The bold and truthful stand taken by the Members of the Peace Mission was not without any cost. Rev. Michael Scott was charged of indulgence in anti-Indian activities. Mr Dinesh Singh, the then Union Minister of State for Defense accused Scott with indulging in “Prejudicial activitie” and declared in Rajya Sabha that The Reverend is being asked to leave India immediately which was responded with loud cheers. As a result, Scott had to hurriedly leave India. Bimala Prasad Chaliha who had a more political recognition of the GOI also had to face the ire of his bosses as he played a far more prominent role in the Peace Mission. For Jaya Prakash Narayan, his love and concern for peace in Nagaland cost him to be publicity vilified by the patriotic Indians who accused him of trying to divide India. Wherever he went he was sneered as anti-India. Although, JP became a highly prominent Indian figure when he successfully rallied all non-Indian National Congress political parties and over threw Indira Gandhi’s rule of Emergency, yet it is for the reason that he had very boldly supported the historic rights of the Nagas that his three years stay in Nagaland is ignored by many Indian authors and writers who have written books on JP. Perhaps, it is wilfully ignored as the Lost Years of JP for the Indians. For the Nagas, it’s one of the most precious years to have a personality like Lok Nayak Jaya Prakash Narayan. His involvement in the Indo-Naga Peace process has proven to a very great extent that the Right to Self- Determination lies with the Nagas and the denial for this right has prolonged the Naga Political struggle. Had GOI heeded to the call of the Peace Mission as early as so, in the right perspective at that point of time, things could have been far different today. In fact, JP ‘s period of three years was the Lost Years for India but a historic period for the Nagas as it succinctly supplemented the Nagas’ political rights to decide on their own volition either to be with India or otherwise. The Naga people must be forever indebted to JP for his unconditional empathy towards the Nagas Struggle for Self-determination.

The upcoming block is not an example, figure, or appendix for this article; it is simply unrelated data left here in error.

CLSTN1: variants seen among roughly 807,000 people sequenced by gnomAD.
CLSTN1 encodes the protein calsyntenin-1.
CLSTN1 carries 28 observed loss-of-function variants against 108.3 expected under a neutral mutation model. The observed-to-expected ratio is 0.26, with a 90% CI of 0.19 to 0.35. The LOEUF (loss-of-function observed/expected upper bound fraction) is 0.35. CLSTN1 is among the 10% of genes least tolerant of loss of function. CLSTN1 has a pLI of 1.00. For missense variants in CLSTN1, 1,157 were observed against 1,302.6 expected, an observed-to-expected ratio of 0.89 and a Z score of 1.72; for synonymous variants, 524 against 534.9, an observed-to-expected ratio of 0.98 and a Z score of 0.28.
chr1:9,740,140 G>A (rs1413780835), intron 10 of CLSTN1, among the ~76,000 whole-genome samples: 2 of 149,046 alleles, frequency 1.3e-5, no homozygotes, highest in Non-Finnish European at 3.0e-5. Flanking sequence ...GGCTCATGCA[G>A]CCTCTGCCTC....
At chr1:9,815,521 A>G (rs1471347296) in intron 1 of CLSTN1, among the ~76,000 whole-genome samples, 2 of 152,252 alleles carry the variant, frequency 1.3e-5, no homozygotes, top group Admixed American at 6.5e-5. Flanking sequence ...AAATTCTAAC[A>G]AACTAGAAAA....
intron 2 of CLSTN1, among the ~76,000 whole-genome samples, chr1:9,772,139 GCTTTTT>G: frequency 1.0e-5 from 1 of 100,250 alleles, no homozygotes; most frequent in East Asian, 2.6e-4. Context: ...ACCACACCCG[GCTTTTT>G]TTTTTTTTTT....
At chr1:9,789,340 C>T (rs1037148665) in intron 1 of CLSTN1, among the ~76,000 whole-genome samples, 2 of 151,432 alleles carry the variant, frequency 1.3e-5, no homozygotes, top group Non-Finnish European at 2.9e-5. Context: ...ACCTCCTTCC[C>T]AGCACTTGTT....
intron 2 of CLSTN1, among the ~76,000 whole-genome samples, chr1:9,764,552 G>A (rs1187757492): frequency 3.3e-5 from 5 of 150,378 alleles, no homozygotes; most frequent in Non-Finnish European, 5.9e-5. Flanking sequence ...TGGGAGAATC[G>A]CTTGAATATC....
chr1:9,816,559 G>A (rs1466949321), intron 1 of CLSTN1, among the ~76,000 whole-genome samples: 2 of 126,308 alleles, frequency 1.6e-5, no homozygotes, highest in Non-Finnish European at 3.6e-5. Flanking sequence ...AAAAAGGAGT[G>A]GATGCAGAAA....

JP continued to stay in Nagaland for around three years along with his beloved wife and founded the Nagaland Peace Centre in Kohima which became the first ever registered NGO in Nagaland under Registration under Societies Act 1860 in 1971 bearing no. R.S -2-1971. The Peace Centre was founded with the objectives of Peace and Prosperity. Dr. M. Aram, Doctorate from the Ohio State University and a Padma Shri Awardee later became the Director of the Peace Centre.
(Courtesy: Rev. V. K Nuh, Dr. Aram)
Senchumo NSN Lotha
Former president,
Naga Student Federation (NSF)